If you are my personal friend or knew me at my old blog, you can skip this post. However, I’m going to re-write it for my new friends who might find it useful. Today, I’m going to talk about the token system we use at my house.
Every childhood/parenting expert I’ve ever heard has spoken about “currency” when motivating a child. “Find their currency,” they will say. Is it video games? Clothes? Treats at the store? Whatever it is that is most dear to your child is your bargaining chip in parenting. That is the basic theme in their advice. At my house, I had to come up with a system that incorporated all of that but was easy for me to deal with and administer. For me, it’s my token system.
Basically, I “pay” my children in tokens. It is their allowance. When they do their chores. When I’m trying to motivate them. When I catch them being good. Whatever. Anytime I want to give them a little something, I make it uniform by giving them a token (or more) for it.
The tokens had to be something that was cheap and unique to each kid. I landed on popsicle sticks. I painted them in three different colors. Why? So that no kid would ever be tempted to claim a popsicle stick from a sibling’s collection. The problem with actually giving them money is that a) when it’s sitting on the coffee table and child 1 and 2 both claim it’s theirs, I don’t know who to believe and b) if it’s an amount that is significant and they lose it, I’d be really mad. I know I shouldn’t be because it’s “their” money but I know myself well enough to know that I would be mad. If you decide to implement this system at your house, I’d recommend looking around for whatever is cheap and on hand. Poker chips would work too. The actual tokens aren’t that important.
The tokens can be valued at any amount that makes sense to you in your family. At my house, a token is worth about .25 – .33 cents because that’s about how much a silly band costs and those are about the lowest price item I have as a reward.
This system is also a lovely thing to have in place because when you’re at the store and your child has a case of the I-want-itis, you can buy that item they say they want so much. Then you put the token value on it and put it in your “store.” If they lose interest in it and don’t earn it, you can either return it or give it away at the next birthday party they are invited to.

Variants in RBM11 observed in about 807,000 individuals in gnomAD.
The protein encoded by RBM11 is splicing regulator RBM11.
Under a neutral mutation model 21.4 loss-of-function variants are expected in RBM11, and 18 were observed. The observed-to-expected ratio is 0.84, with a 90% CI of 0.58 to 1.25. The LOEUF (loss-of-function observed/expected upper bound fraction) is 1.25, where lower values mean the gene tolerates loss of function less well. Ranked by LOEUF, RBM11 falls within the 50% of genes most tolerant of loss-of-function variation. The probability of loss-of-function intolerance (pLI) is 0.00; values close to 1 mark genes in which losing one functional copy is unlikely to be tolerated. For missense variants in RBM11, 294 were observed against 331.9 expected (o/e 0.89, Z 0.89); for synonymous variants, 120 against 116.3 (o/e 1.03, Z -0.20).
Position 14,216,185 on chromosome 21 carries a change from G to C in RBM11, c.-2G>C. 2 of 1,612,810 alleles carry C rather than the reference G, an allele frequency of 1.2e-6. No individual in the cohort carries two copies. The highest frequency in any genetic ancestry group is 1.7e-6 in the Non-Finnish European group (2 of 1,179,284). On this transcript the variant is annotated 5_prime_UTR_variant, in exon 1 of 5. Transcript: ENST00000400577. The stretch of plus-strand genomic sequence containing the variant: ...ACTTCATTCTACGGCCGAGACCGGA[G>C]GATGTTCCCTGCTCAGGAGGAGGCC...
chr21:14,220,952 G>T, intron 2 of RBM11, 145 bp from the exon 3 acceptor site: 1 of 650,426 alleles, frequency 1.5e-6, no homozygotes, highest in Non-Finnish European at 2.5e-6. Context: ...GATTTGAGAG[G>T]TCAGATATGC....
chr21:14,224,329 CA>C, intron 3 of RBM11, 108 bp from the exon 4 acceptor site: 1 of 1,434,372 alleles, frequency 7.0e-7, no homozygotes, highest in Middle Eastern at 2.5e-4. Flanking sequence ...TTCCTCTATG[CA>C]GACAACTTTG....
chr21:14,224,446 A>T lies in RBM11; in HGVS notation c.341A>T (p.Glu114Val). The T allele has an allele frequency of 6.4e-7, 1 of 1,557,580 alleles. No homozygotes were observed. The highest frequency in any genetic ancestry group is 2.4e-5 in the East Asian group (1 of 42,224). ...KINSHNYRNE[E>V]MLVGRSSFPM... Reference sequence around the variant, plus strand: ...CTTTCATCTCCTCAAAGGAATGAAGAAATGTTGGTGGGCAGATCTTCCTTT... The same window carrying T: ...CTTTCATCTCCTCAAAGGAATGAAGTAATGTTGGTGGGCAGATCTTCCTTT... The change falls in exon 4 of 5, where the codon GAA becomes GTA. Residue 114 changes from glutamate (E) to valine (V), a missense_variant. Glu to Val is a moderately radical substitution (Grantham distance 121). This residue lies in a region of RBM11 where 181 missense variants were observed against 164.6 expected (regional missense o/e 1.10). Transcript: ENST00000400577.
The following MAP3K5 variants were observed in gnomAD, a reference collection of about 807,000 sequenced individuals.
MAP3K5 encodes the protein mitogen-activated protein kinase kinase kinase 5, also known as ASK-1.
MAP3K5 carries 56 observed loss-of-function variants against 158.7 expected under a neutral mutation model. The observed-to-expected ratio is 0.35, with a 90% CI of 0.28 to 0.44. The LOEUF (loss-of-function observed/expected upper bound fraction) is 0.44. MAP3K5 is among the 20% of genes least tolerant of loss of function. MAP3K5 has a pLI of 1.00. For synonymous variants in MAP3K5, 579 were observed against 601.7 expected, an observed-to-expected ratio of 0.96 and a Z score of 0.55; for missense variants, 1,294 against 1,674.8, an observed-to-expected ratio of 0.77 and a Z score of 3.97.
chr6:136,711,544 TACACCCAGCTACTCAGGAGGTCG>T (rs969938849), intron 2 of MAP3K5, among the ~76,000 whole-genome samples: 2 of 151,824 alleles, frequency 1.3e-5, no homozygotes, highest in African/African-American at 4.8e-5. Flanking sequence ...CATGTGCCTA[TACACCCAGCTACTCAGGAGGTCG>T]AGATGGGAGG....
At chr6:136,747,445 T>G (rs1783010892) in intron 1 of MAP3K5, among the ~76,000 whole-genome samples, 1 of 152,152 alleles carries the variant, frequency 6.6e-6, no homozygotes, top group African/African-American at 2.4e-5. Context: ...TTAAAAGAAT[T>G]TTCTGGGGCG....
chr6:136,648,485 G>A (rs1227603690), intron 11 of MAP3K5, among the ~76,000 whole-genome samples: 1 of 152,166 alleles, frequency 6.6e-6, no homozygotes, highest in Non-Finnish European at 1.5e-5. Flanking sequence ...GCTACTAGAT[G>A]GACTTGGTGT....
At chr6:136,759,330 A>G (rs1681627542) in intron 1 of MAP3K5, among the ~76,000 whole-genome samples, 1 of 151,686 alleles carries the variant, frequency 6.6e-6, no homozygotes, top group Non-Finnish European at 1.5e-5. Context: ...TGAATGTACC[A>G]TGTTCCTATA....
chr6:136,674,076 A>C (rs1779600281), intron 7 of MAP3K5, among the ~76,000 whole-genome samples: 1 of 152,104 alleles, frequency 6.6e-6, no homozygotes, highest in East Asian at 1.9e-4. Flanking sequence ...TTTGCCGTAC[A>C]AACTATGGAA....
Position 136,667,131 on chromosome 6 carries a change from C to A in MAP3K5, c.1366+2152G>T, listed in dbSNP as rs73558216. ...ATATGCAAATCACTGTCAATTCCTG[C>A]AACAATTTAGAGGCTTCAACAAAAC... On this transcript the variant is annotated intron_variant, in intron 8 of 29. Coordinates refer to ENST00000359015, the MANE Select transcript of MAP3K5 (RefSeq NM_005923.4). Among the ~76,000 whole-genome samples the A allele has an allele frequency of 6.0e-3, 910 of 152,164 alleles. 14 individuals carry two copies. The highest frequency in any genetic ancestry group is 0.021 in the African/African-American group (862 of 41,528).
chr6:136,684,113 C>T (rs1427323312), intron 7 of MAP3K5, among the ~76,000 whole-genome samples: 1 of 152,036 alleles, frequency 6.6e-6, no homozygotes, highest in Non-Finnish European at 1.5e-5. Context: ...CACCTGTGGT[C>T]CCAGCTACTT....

At my house, our “store” opens up about once a week. Usually on Saturdays. Sometimes less if no one has done anything to collect tokens lately. On that day, I open up the store (a big trunk) and the kids count their tokens and go shopping for the items in the store. Everything from silly bands, to individual packs of fruit chews (my kids go crazy for those things), to Bakugan or Zhu Zhu pets. The token amount on each item corresponds to the amount of money I paid for it. $1 = 3 tokens. My favorite thing to put in the store is consumable or intangible items. Fruit chews (which they don’t get in my house unless they buy it in the store) or tickets for an hour on the Wii. Creative things that don’t actually cost me money. For those, I just make up a token value. Enough to make it special but not so much that it’s unattainable to a young kid.
Here is my favorite part of the system. When I ask a child to pick up the family room one time and they don’t do it, I have to do it. Every time I have to do something that they should have taken care of, they have to pay me. If it’s toys in the family room, I pick them up and put them in the store. They have to buy them back. Eureka! It was so beautiful when that occurred to me. Why is it so wonderful? Well, for one, I don’t have to nag them about it. And the other reason is because once something has gone unclaimed in the store for long enough, I can get rid of it because I know it’s not really that important to them after all. Another way they have to pay me for doing their chore is to physically hand me back a token. Since it’s our currency, they have to pay me when they forget to clear their plate at the dinner table and I have to do it for them. As I am clearing the plate, I call the child away from what they are doing to go get a token out of their bucket and pay me with it. That also serves two purposes. The child is interrupted from what they are doing to go get me the token and it’s a little painful if they are saving up for that Bakugan item.
It has been a wonderful addition to my house. It’s suited to all three of my age levels. It allows them to learn about money management in a suitable manner. I recommend you consider it! Tweak it and make it work for your family.